The Queen Of The ‘Algonquin Round Table’
By Tom Morrow
One of America’s greatest writers and poets known for her wit, sardonic, and satirical wisecracks was Dorothy Rothschild Parker. Known to most of her friends and admirers as “Miss Parker,” she was born Aug. 22, 1893, and was a founding member of the Hotel Algonquin’s “Round Table.”
In 1917, she met and married Edwin Pond Parker II, but they were soon separated by his World War II service. She had ambivalent feelings about her Jewish heritage and later joked that married to escape her name.
Parker’s career took off in 1918, while she was writing theatre criticism for Vanity Fair. At the magazine, she met Robert Benchley and Robert E. Sherwood. The trio began lunching at the Algonquin Hotel on a near-daily basis and became founding members of what became known as the “Algonquin Round Table.” Parker began developing a national reputation as a wit. Here’s an example of her dry sense of humor: When she heard of the passing of famously “silent” former president Calvin Coolidge, Parker remarked, “How could they tell?”
Parker became noted for her short, viciously humorous poems, many highlighting ludicrous aspects of her many (largely unsuccessful) romantic affairs. Some of Parker’s most popular work was published in The New Yorker in the form of acerbic book reviews under the byline “Constant Reader.” Her response to the whimsy of A. A. Milne’s “The House at Pooh Corner” was “Tonstant Weader fwowed up.”
She had a number of affairs; her lovers including reporter-turned-playwright Charles MacArthur (who later was married to actress Helen Hayes). That relationship resulted in a pregnancy. Parker is alleged to have said, “… how like me to put all my eggs into one bastard.”
In 1932, Parker met Alan Campbell, whom she married two years later. They moved to Hollywood and would eventually earn $2,000 per week, and in some instances upwards of $5,000 per week as freelancers for various studios. She and Campbell worked on more than 15 films.
With Campbell and Robert Carson, Parker wrote the script for the 1937 Academy Award-winning film “A Star Is Born,” starring Fredric March and Janet Gaynor. The team was nominated for an Academy Award for Best Writing of a Screenplay. Parker wrote additional dialogue for “The Little Foxes” in 1941, starring Bette Davis. She received a nomination for an Oscar for the screenplay of “Smash-Up, the Story of a Woman” (1947), starring Susan Hayward.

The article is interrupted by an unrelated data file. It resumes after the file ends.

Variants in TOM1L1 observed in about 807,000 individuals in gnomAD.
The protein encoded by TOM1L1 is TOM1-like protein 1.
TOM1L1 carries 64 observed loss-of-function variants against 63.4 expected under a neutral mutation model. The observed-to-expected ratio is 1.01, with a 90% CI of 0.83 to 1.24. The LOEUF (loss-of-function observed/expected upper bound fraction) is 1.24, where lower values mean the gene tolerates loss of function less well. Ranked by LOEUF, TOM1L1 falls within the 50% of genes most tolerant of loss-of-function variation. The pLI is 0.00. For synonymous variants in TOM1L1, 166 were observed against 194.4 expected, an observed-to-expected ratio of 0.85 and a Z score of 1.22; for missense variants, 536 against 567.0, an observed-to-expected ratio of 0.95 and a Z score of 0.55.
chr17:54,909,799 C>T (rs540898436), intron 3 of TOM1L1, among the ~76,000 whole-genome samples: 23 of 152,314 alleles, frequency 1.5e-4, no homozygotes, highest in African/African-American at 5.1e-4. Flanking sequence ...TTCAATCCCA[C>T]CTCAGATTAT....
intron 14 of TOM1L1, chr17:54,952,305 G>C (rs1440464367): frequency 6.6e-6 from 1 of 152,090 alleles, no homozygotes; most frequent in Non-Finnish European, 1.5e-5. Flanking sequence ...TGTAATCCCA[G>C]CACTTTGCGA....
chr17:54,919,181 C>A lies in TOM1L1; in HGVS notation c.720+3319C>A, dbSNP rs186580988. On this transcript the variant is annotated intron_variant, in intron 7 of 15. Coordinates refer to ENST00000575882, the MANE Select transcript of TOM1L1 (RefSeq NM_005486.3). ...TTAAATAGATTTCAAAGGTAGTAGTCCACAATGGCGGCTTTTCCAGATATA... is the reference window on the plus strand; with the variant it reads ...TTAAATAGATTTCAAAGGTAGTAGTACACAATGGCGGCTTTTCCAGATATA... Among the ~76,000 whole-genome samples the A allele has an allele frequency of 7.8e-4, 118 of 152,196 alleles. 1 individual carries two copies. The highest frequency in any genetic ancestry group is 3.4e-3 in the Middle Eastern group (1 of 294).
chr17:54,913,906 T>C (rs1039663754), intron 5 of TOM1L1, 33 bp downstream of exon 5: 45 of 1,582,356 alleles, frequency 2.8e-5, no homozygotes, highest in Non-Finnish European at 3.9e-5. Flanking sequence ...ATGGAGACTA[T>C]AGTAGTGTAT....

During the Great Depression, Parker was among numerous American intellectuals and artists who became involved in related social movements. In 1937, she was a reporter for the Loyalist cause in Spain in the Communist magazine, The New Masses. Parker helped to found the Hollywood Anti-Nazi League in 1936, which the FBI suspected of being a Communist Party front. The Hollywood Anti-Nazi League’s membership eventually grew to some 4,000 strong, later becoming a target for the House Un-American Activities Committee (HUAC).
The FBI compiled a 1,000-page dossier on Parker because of her suspected involvement in communism during the early fifties when Senator Joseph McCarthy, R-Wisconsin) was raising alarms about communists in government and Hollywood. As a result, movie studio bosses placed her on the Hollywood blacklist. Her final screenplay was “The Fan,” a 1949 adaptation of Oscar Wilde’s “Lady Windermere’s Fan,” directed by Otto Preminger.
Back in New York, Parker occasionally participated in radio programs, including “Information Please.” Both Ilka Chase and Tallulah Bankhead used her material for radio monologues.
Parker died on June 7, 1967, of a heart attack at the age of 73. Her executor, author and friend was Lillian Hellman, but her ashes remained unclaimed in her attorney Paul O’ Dwyer’s filing cabinet for 17 years.
Parker would have had some great observations about life in 2019.
“You can lead a horticulture, but you can’t make her think.”
“Beauty is only skin deep, but ugly goes clean to the bone.”
“The two most beautiful words in the English language are ‘cheque enclosed.'”
“One more drink and I’ll be under the host.”
“I’d rather have a bottle in front of me than a frontal lobotomy.”
“I require three things in a man: he must be handsome, ruthless, and stupid.”
“To cut on my tombstone: ‘Wherever she went, including here, it was against her better judgment.’”
And, an example of her poetry:
“By the time you swear you’re his,
Shivering and sighing,
And he vows his passion is
Infinite, undying –
Lady, make a note of this:
One of you is lying.”
“Excuse my dust” for her epitaph — and it was